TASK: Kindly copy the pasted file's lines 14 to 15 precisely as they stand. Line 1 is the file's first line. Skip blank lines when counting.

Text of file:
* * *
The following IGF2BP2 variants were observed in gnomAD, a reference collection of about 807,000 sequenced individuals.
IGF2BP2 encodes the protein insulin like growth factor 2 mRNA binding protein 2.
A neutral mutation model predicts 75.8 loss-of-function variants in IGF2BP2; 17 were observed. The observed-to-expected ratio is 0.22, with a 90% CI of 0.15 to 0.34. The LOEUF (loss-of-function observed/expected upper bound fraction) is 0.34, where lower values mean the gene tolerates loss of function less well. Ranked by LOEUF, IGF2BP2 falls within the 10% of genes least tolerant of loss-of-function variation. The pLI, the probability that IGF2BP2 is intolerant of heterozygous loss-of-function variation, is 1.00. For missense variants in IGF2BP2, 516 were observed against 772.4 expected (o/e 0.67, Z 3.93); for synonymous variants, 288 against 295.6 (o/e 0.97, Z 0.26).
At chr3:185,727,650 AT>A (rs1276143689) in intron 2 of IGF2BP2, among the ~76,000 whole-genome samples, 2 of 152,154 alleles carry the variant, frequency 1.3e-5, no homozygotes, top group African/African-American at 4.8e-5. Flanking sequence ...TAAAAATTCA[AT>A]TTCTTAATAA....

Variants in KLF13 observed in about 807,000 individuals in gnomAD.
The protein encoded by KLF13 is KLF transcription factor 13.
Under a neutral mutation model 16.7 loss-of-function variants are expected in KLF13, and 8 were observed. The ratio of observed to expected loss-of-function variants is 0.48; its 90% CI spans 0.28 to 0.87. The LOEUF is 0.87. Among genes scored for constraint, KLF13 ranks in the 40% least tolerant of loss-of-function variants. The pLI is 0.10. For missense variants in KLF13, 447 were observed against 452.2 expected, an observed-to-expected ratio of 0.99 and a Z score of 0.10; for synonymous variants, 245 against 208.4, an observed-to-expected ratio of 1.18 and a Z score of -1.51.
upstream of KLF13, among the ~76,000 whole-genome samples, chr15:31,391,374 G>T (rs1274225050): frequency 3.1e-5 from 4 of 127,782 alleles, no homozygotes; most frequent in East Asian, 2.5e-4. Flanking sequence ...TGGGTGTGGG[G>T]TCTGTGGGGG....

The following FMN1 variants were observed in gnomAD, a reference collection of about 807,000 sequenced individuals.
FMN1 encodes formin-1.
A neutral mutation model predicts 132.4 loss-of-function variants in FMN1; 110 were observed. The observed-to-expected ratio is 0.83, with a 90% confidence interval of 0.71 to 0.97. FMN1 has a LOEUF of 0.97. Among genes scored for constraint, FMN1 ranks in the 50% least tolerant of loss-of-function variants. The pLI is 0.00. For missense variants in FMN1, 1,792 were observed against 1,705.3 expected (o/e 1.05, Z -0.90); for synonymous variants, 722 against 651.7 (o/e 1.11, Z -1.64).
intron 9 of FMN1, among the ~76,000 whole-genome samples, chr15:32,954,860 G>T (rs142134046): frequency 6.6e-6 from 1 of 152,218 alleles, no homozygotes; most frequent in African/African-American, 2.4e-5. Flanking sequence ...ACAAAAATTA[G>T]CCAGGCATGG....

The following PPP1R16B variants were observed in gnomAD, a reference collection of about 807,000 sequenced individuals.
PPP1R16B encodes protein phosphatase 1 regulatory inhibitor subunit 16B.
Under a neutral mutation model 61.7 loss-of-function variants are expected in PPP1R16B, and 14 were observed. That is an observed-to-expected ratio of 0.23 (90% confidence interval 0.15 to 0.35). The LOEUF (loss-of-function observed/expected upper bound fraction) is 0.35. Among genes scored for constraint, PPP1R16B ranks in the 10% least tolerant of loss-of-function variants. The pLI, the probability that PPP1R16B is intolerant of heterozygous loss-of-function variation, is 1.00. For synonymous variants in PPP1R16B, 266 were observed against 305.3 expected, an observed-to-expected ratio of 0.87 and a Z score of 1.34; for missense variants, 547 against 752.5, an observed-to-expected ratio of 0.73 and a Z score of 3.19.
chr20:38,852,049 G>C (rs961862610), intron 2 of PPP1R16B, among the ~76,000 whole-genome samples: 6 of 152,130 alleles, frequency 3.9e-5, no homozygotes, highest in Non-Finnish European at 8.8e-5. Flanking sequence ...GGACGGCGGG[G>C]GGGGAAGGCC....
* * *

PPP1R16B encodes protein phosphatase 1 regulatory inhibitor subunit 16B.
Under a neutral mutation model 61.7 loss-of-function variants are expected in PPP1R16B, and 14 were observed. That is an observed-to-expected ratio of 0.23 (90% confidence interval 0.15 to 0.35). The LOEUF (loss-of-function observed/expected upper bound fraction) is 0.35. Among genes scored for constraint, PPP1R16B ranks in the 10% least tolerant of loss-of-function variants. The pLI, the probability that PPP1R16B is intolerant of heterozygous loss-of-function variation, is 1.00. For synonymous variants in PPP1R16B, 266 were observed against 305.3 expected, an observed-to-expected ratio of 0.87 and a Z score of 1.34; for missense variants, 547 against 752.5, an observed-to-expected ratio of 0.73 and a Z score of 3.19.